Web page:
14 May 2010
Analysing the Cuban health miracle
A new book analyses Cuba’s impressive health outcomes. Image © istockphoto.
RMIT Global Cities Research Institute research fellow, Dr Elizabeth Kath.
Social Relations and the Cuban Health Miracle is published by Transaction Publishers.
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A new book by RMIT University academic Dr Elizabeth Kath looks beyond the statistics to analyse the true story behind Cuba’s extraordinary public health performance.
Dr Kath spent five years, including nine months of fieldwork in Cuba, conducting research for her book, Social Relations and the Cuban Health Miracle.
The state’s health indicators outperform all nations at similar levels of economic development, with some of its health statistics rivaling those of wealthy industrialised countries.
Dr Kath, a research fellow with the RMIT Global Cities Research Institute, said she wanted to unravel the puzzle of how such a poor nation could have achieved such excellent health outcomes in the face of poverty and major external crises.
"I found that Cuba has an unusually high level of popular participation and cooperation in the implementation of its health policy," she said.
"This has been achieved with the help of a longstanding government that sets and prioritises clear, long-term health goals, and has enough political influence to compel the rest of the community to do the same.
"But on the other hand, popular participation in decision-making regarding health policy is minimal, which contrasts with the image of popular participation that is often promoted by Cuba.
"The country’s political elites design and impose health policy, allowing little room for other health sector groups to meaningfully contribute to or protest against official decisions.
"This is a problem because aspects of health care that are important to those who use the system or work within it can be neglected if they do not fit within official priorities."
Dr Kath said there were lessons for Australia from the health advances that had been made in Cuba.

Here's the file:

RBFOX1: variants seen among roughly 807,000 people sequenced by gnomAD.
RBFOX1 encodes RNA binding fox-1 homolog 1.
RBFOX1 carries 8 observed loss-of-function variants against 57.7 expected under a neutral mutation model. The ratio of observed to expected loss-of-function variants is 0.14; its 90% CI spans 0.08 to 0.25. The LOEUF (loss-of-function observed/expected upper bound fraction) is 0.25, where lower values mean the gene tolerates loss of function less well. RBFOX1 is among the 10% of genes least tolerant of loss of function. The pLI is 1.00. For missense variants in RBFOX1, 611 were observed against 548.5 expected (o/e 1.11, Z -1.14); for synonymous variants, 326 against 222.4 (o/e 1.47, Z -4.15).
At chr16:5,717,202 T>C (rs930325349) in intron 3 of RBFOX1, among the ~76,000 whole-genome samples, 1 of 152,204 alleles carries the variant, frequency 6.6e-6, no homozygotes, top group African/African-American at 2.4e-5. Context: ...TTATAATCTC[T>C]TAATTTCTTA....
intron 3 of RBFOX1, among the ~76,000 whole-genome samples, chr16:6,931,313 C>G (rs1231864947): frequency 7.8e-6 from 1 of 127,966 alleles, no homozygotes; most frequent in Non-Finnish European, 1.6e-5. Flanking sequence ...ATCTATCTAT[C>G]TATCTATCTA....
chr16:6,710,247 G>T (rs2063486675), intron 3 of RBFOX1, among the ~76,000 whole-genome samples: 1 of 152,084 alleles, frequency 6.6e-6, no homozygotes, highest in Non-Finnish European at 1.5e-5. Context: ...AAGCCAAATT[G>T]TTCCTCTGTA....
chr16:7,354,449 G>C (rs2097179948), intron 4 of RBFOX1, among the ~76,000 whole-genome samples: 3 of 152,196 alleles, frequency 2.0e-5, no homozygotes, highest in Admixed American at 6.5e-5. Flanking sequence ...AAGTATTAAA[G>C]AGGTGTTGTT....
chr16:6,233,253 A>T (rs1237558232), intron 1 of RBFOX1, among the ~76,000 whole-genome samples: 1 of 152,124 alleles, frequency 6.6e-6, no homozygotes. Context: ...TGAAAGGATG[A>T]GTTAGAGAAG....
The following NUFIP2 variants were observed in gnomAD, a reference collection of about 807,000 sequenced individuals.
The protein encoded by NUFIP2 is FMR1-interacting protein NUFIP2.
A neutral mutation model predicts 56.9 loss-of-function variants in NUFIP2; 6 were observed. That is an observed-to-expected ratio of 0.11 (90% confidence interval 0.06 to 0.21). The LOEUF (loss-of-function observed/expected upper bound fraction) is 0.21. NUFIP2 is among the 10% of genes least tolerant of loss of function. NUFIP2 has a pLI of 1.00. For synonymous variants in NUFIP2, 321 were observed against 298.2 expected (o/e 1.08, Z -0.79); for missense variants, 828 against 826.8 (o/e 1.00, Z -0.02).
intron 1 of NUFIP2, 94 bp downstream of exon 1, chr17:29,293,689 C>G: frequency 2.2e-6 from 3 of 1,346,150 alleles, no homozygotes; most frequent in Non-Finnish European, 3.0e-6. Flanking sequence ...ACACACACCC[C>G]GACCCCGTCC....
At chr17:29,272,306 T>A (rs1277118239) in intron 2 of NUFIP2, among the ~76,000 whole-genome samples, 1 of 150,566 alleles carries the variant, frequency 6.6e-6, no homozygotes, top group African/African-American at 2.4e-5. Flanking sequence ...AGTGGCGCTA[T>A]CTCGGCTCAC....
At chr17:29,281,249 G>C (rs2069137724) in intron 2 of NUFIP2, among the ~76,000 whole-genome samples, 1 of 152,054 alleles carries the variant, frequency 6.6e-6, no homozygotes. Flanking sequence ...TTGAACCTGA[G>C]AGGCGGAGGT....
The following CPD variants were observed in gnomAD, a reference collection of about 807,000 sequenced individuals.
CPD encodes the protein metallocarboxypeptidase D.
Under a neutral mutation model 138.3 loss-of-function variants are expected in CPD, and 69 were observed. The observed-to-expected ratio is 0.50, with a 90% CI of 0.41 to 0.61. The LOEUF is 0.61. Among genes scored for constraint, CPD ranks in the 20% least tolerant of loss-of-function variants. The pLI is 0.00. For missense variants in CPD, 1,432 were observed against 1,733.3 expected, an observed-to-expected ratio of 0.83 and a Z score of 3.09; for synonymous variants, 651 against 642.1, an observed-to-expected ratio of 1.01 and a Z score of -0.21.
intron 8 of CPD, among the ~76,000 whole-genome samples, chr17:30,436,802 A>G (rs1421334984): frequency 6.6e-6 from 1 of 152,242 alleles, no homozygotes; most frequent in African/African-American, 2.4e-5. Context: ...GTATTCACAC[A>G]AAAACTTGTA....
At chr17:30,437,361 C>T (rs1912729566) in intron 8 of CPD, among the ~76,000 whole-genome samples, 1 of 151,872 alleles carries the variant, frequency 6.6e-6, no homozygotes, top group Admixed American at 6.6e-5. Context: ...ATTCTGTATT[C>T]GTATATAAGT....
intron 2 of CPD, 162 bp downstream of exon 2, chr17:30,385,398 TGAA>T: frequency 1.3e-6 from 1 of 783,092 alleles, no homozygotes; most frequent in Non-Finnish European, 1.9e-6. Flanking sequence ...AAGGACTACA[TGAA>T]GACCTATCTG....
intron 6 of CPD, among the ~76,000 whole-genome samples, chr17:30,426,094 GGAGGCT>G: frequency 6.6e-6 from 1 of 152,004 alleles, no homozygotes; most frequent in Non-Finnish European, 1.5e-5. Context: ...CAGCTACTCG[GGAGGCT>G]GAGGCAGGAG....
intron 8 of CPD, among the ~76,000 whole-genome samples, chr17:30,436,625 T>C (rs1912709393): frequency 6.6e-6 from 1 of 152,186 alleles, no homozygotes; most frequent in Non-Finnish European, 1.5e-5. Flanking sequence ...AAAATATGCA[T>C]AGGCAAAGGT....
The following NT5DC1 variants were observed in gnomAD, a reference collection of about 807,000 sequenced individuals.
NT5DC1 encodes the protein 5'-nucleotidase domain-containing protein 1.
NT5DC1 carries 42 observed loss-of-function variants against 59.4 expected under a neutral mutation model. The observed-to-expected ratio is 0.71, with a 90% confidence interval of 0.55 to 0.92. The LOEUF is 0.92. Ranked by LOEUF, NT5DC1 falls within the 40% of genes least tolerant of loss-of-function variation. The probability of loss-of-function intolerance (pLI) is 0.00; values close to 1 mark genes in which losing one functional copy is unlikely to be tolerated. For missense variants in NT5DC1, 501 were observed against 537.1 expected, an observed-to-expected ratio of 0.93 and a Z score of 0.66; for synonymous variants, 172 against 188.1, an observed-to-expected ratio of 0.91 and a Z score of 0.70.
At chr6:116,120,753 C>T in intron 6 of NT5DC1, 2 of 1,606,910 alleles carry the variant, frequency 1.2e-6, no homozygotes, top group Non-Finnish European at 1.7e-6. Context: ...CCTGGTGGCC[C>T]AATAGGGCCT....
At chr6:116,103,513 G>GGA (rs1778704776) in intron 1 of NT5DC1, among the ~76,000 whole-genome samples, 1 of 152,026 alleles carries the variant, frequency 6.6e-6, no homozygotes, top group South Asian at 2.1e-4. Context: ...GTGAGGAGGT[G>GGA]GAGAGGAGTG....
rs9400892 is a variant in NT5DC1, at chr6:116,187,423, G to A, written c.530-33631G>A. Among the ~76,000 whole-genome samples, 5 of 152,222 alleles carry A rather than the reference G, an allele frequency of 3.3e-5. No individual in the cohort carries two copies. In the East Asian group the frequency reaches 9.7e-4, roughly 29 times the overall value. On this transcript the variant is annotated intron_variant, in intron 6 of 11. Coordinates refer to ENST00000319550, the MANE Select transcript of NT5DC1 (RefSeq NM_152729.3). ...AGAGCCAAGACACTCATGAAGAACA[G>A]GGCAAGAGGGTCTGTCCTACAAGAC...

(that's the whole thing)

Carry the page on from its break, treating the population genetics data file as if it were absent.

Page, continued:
"That a poor country facing multiple internal and external crises has been so successful in improving key health outcomes - particularly maternal, infant and under-five mortality rates - should be a point of interest for Australia," she said.
"While Cuba and Australia are different contexts, lessons can be drawn that would be useful in the bid to 'close the gap' on Indigenous health inequality.
"What we can learn from Cuba generally is that health, especially maternal-child health, is not only a question of spending and financial resources.
"Improving health outcomes among our most disadvantaged communities relies as much on social, non-economic investments as it does on resource mobilisation."
Dr Kath found factors underlying Cuba’s ability to improve its maternal-infant and other health outcomes included:
- the sustained, long-term pursuit of clear health goals;
- a proactive system of surveillance and prevention to avert risk factors;
- access to free basic health services close to home;
- institutionalised relationships ensuring close and regular contact between health workers and the population; and,
- inter-sectoral and inter-institutional cooperation in the pursuit of health goals.
"Cuba’s health strategy does have problems, such as the lack of genuine community participation in health decision-making," Dr Kath said.
"This has contributed to a number of emergent problems with the country’s health system that threaten to undermine the sustainability of its positive achievements.
"One of the lessons for Australia from my research is the vital importance of ensuring local Indigenous communities are not just participants in the discussion and implementation of health policy, but that they are also genuinely involved in individual and collective health decisions."
Social Relations and the Cuban Health Miracle ($49.95) is published by Transaction.